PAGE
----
Federal agencies not only need a disaster plan, they need to rehearse it repeatedly.
Rear Adm. Robert Day, the Coast Guard's Cyber Command commander and CIO, stresses that agencies must physically rehearse their contingency plans -- repeatedly.
If federal IT managers have practiced their disaster recovery plans and their staffs know how to improvise, agencies may not be completely crippled by the potentially devastating cyber "Pearl Harbor" that former Secretary of Defense Leon Panetta ominously predicts could be lurking.
That was the message several current federal CIOs conveyed at a March 11 panel discussion on continuity of operations at Symantec's Government Symposium. In a keynote speech before the panel discussion, Panetta reiterated his October "Cyber Pearl Harbor" warning in light of growing tensions with Russia, competition with China and a restive world stage.
In his symposium speech, Panetta dubbed cyberwar "the most serious 21st century threat." Hurricane Sandy, he said, demonstrated some of the ruinous effects on infrastructure that a cyberattack might inflict.
In the face of such danger, federal agencies not only must have a disaster plan, but they should physically rehearse it -- repeatedly, said Rear Adm. Robert Day, the Coast Guard's Cyber Command commander and CIO.
Without practice, he said, plans rot on the shelf or fail in the face of real-life events. With increasing cybercrime, natural disasters and other potentially catastrophic events in the wings, not to mention local tech snags and outages, Day said the Internet and networks are more imperiled than ever. Even without a dramatic event, he said, federal agencies' network facilities eventually "will go down" because of some weakness, such as a router failure or other snafu.
In the end, natural disaster or cyberattack results are the same, Day said, with network facilities that don't work. It's then that an agency's plans had better be up to date and well-rehearsed. "We see so few organizations doing that."
Co-panelists Wolfe Tombe, chief technology officer at Customs and Border Protection, and John Dobriansky, executive advisor at the Federal Aviation Administration, agreed. All three noted substantial network outages at their agencies in the last few years.
Tombe said a local CBP router network outage at Los Angeles International Airport a few years ago that lasted an hour or so, causing a 17,000 passenger back-up at security lines, as well as air traffic delays because passenger manifest lists could not be checked. CBP officers, he said, improvised and used their cell phones to exchange information. Day noted Hurricane Sandy made the Coast Guard use its fallback servers in West Virginia linked to small aperture terminals set up in the disaster zone to continue emergency radio communications in the stricken mid-Atlantic area after the storm surge shorted out the telephone network. And Dobriansky said a 2012 fire at an FAA facility in New Jersey forced the agency to transfer some of its air traffic control to another facility in Melbourne, Fla. The outage lasted two weeks, he said.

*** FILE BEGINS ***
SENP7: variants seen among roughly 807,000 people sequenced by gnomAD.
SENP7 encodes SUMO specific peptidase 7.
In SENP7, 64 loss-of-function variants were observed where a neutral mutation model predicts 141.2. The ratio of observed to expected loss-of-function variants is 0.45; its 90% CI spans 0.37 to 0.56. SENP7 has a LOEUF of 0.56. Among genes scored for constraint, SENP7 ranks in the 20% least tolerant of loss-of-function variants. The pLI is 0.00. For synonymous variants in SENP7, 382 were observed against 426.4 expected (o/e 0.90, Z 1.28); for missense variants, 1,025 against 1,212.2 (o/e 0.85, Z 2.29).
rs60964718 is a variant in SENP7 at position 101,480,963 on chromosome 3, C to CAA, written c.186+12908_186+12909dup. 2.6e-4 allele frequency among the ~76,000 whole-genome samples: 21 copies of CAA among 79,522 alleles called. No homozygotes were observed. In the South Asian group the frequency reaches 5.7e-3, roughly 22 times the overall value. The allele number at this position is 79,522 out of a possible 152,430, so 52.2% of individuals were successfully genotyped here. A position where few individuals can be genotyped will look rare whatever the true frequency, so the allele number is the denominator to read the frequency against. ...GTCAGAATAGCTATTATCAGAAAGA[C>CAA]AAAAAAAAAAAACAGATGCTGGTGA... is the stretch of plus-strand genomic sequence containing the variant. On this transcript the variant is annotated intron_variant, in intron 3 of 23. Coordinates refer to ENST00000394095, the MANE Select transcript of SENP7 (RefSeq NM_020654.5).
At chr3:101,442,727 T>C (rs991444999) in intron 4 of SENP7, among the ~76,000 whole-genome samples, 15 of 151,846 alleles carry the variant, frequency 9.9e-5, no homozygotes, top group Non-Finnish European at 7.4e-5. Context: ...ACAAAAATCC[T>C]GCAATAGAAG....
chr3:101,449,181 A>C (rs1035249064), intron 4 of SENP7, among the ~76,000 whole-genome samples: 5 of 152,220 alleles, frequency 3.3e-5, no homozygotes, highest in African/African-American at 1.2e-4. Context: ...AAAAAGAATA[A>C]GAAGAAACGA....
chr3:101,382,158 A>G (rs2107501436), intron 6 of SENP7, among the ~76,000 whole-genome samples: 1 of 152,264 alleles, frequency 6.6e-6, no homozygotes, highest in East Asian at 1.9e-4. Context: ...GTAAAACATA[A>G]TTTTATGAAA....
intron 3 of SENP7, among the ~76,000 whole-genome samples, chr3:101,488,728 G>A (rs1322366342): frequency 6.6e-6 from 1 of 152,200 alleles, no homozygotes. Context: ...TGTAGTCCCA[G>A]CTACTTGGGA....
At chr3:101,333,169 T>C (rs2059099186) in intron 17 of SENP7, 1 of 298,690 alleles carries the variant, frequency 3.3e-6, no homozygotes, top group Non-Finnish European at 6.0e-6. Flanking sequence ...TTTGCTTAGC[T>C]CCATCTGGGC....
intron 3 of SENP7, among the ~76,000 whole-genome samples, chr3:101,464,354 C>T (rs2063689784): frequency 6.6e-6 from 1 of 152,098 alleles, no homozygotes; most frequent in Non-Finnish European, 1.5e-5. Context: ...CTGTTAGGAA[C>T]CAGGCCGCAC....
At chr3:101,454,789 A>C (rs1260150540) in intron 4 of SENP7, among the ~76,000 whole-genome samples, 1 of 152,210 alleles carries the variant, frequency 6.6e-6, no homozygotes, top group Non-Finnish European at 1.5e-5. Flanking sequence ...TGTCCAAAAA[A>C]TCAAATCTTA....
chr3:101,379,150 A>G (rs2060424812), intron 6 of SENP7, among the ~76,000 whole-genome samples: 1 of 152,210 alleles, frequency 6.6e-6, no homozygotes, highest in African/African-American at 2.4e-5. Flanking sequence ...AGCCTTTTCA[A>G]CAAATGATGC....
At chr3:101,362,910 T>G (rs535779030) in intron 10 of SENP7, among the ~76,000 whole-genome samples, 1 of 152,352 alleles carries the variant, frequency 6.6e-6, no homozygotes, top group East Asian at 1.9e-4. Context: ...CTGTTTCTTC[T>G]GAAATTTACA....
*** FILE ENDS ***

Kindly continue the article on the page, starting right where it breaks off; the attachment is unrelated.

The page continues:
In those instances, the disruption showed not only the weaknesses but also the strengths of their network disaster recovery plans. Day noted the importance of lower-tech workarounds that might be overlooked in such situations, especially by younger workers familiar only with the online world. "Young workers won't know how to do it," he said. "It makes me stamp my feet. Younger workers don't know what a fax machine is."
Day also noted that younger workers can also have ideas that older workers might overlook. After the earthquake that shook the middle-Atlantic states and Washington, D.C., in 2011, younger federal workers milling around on the mall in the aftershocks texted their colleagues rather than trying voice. "They knew that data was working and voice wasn’t," he said.
Day and Tombe said they perform regional and local drills of disaster recovery plans regularly. In Day's case, those exercises come just before hurricane season. "We do a data center fail over, forcing things onto our disaster recovery site. At the local end we do a once-a-year drill. Each sector physically re-establishes itself at its disaster recovery site." That means people physically pick up their gear and move hundreds, or even thousands, of miles to the alternate site.
Day recommended that IT managers file their most critical data and information on a disk or two and put those disks in their "go-bags."
"I can't tell you how many times I've heard 'I didn't think of that,'" he said.